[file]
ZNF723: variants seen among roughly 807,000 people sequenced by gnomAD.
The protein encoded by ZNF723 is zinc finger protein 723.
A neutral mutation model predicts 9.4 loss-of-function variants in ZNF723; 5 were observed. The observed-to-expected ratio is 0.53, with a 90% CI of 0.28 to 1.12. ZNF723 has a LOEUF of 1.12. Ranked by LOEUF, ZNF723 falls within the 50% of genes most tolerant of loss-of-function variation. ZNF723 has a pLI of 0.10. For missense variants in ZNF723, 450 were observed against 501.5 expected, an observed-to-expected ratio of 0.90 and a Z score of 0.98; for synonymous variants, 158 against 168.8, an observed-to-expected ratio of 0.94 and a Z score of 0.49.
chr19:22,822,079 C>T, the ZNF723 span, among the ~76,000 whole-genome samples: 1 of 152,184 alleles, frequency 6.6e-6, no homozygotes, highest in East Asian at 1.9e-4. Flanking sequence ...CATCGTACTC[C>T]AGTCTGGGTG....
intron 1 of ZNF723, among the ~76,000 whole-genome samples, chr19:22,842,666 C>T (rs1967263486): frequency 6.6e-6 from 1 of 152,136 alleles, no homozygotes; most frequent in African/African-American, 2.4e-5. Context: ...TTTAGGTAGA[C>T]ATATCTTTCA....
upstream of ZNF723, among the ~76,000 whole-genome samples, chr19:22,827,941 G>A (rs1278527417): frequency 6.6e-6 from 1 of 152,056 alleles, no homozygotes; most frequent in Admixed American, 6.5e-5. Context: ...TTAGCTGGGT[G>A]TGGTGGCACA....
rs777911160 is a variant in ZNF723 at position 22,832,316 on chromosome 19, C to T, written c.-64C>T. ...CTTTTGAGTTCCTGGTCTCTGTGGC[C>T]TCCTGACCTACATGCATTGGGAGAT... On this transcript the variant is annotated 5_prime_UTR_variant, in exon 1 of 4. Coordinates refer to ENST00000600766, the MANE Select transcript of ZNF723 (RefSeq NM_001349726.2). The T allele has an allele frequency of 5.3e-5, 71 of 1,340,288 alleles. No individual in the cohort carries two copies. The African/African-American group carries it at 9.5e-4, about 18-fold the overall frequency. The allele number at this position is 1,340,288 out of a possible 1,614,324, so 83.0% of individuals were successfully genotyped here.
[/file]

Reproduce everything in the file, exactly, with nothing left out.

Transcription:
ZNF723: variants seen among roughly 807,000 people sequenced by gnomAD.
The protein encoded by ZNF723 is zinc finger protein 723.
A neutral mutation model predicts 9.4 loss-of-function variants in ZNF723; 5 were observed. The observed-to-expected ratio is 0.53, with a 90% CI of 0.28 to 1.12. ZNF723 has a LOEUF of 1.12. Ranked by LOEUF, ZNF723 falls within the 50% of genes most tolerant of loss-of-function variation. ZNF723 has a pLI of 0.10. For missense variants in ZNF723, 450 were observed against 501.5 expected, an observed-to-expected ratio of 0.90 and a Z score of 0.98; for synonymous variants, 158 against 168.8, an observed-to-expected ratio of 0.94 and a Z score of 0.49.
chr19:22,822,079 C>T, the ZNF723 span, among the ~76,000 whole-genome samples: 1 of 152,184 alleles, frequency 6.6e-6, no homozygotes, highest in East Asian at 1.9e-4. Flanking sequence ...CATCGTACTC[C>T]AGTCTGGGTG....
intron 1 of ZNF723, among the ~76,000 whole-genome samples, chr19:22,842,666 C>T (rs1967263486): frequency 6.6e-6 from 1 of 152,136 alleles, no homozygotes; most frequent in African/African-American, 2.4e-5. Context: ...TTTAGGTAGA[C>T]ATATCTTTCA....
upstream of ZNF723, among the ~76,000 whole-genome samples, chr19:22,827,941 G>A (rs1278527417): frequency 6.6e-6 from 1 of 152,056 alleles, no homozygotes; most frequent in Admixed American, 6.5e-5. Context: ...TTAGCTGGGT[G>A]TGGTGGCACA....
rs777911160 is a variant in ZNF723 at position 22,832,316 on chromosome 19, C to T, written c.-64C>T. ...CTTTTGAGTTCCTGGTCTCTGTGGC[C>T]TCCTGACCTACATGCATTGGGAGAT... On this transcript the variant is annotated 5_prime_UTR_variant, in exon 1 of 4. Coordinates refer to ENST00000600766, the MANE Select transcript of ZNF723 (RefSeq NM_001349726.2). The T allele has an allele frequency of 5.3e-5, 71 of 1,340,288 alleles. No individual in the cohort carries two copies. The African/African-American group carries it at 9.5e-4, about 18-fold the overall frequency. The allele number at this position is 1,340,288 out of a possible 1,614,324, so 83.0% of individuals were successfully genotyped here.